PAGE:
According to the researchers, their method allows them to determine the places where deformation is concentrated at the micron scale and hence to find out in advance the locations of fractures and to offer solutions for prevengint material deformation. The study results were published in the scientific journal Polymers (Basel).
It is necessary to understand how deformation propagates in the oil shales, aviation composites, heat-resistant alloys for engines and other materials with a structural hierarchy.
Until recently, there was no simple and universal method for the deformation analysis of such materials at the micron scale that would allow for the study and improvement of their internal structure, Professor Alexander Korsunsky, a research leader of the Skoltech team, noted.
“Where does the deformation originate? Everybody knows: 'It tears where it is thin'... So how do we know where to put some grass? Where do these problem places develop within an externally homogeneous material? How can you find out in advance how fractures develop? To do so, you have to learn to see how stresses are distributed in the material as it undergoes deformation,” Alexander Korsunsky said.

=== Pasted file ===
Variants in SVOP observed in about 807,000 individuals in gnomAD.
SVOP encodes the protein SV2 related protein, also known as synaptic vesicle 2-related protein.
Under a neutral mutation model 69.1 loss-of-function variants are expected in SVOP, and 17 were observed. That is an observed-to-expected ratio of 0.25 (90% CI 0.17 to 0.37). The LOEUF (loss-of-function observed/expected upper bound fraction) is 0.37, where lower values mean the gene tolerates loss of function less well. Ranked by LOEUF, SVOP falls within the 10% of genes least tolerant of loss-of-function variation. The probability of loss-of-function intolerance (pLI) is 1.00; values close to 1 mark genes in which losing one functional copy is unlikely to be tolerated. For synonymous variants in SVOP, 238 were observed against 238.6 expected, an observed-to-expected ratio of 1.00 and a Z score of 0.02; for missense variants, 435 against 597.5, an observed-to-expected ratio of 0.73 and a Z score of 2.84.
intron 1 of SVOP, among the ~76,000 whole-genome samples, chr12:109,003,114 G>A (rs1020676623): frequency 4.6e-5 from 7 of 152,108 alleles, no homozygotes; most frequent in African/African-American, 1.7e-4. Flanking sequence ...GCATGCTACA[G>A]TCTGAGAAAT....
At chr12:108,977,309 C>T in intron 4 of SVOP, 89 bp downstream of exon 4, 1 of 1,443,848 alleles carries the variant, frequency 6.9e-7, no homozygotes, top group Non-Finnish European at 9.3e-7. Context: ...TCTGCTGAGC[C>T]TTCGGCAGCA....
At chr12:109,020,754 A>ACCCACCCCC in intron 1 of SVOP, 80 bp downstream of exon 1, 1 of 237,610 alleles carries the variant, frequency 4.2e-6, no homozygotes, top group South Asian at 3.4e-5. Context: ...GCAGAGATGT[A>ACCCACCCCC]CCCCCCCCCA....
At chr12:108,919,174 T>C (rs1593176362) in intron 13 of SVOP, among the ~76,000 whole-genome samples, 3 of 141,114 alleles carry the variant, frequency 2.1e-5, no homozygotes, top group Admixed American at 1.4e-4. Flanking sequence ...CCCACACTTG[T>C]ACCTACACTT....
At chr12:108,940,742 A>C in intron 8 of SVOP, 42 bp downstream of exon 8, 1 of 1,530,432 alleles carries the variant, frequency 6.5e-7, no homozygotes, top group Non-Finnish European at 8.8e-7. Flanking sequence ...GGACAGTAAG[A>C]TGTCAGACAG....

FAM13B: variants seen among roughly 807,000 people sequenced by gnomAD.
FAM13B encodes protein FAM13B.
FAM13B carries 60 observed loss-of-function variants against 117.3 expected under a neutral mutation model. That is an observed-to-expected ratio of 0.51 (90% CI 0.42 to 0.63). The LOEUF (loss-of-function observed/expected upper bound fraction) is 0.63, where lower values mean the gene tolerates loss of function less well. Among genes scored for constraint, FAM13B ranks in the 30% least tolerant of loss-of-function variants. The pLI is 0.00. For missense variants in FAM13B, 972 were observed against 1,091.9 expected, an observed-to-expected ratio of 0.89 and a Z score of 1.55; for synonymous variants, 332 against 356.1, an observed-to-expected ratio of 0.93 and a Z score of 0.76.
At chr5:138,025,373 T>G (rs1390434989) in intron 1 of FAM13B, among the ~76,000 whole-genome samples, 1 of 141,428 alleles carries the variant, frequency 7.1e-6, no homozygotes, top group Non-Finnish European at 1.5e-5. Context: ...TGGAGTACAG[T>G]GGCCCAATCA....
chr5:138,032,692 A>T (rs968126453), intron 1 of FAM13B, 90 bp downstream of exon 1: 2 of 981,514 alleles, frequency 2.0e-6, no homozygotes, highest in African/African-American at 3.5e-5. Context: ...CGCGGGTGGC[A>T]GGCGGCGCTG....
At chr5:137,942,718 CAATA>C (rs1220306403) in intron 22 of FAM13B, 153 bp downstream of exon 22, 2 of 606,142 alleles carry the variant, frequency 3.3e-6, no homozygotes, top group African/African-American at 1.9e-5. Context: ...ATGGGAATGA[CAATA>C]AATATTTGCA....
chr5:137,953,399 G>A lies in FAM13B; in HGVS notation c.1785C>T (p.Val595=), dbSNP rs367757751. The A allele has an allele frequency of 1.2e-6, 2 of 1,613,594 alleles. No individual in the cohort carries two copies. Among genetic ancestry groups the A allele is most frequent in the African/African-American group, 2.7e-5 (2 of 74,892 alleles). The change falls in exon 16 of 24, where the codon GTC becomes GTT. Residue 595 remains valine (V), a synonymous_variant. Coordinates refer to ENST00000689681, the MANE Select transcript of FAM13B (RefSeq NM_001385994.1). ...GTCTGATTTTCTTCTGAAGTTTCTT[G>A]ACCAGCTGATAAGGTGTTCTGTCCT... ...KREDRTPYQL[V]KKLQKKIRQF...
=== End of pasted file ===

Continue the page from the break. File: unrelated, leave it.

The method of mechanical testing proposed by university specialists implies an observation of the stepwise deformation of the material inside the electron microscope chamber and synchronous imaging with a resolution at the level of a fraction of a micron.
In the study, scientists placed samples of porous ultra-high molecular weight polyethylene (UHMWPE) developed at NUST MISIS in the vacuum chamber of the Scanning Electron Microscope together with a miniature machine for mechanical testing.
The hundreds of photos obtained with the help of special software were then processed via digital image correlation.
As a result, detailed maps of microstrain distributions describing changes in stress concentrations in different areas of the material were obtained by scientists from Skoltech and NUST MISIS. Scientists have found that the deformation under the compression of materials is not uniform, but occurs through the formation of strips that gradually lengthen and absorb the entire volume of the material.
“Using polyethylene tests, we have learned how to construct “live maps” of deformations inside a complex porous material as it is exposed to stress. The analysis of these microstrains allowed us to reveal the strain localisation zones, where the deformations are concentrated during the test of the sample, and hence during the work of the product. Previously, such narrow zones were only theoretical,” Alexey Salimon, Associate Professor at the Department of Physical Chemistry, NUST MISIS, said.
According to the scientists, the proposed method is simple, versatile and can be quickly distributed to laboratories equipped with devices that provide digital images with sufficient resolution.
In the future, the team of specialists from Skoltech and NUST MISIS plans to work on the development of micro-mechanical research methods and creation of a Russian line of testing equipment and software to study complex materials with structural hierarchy.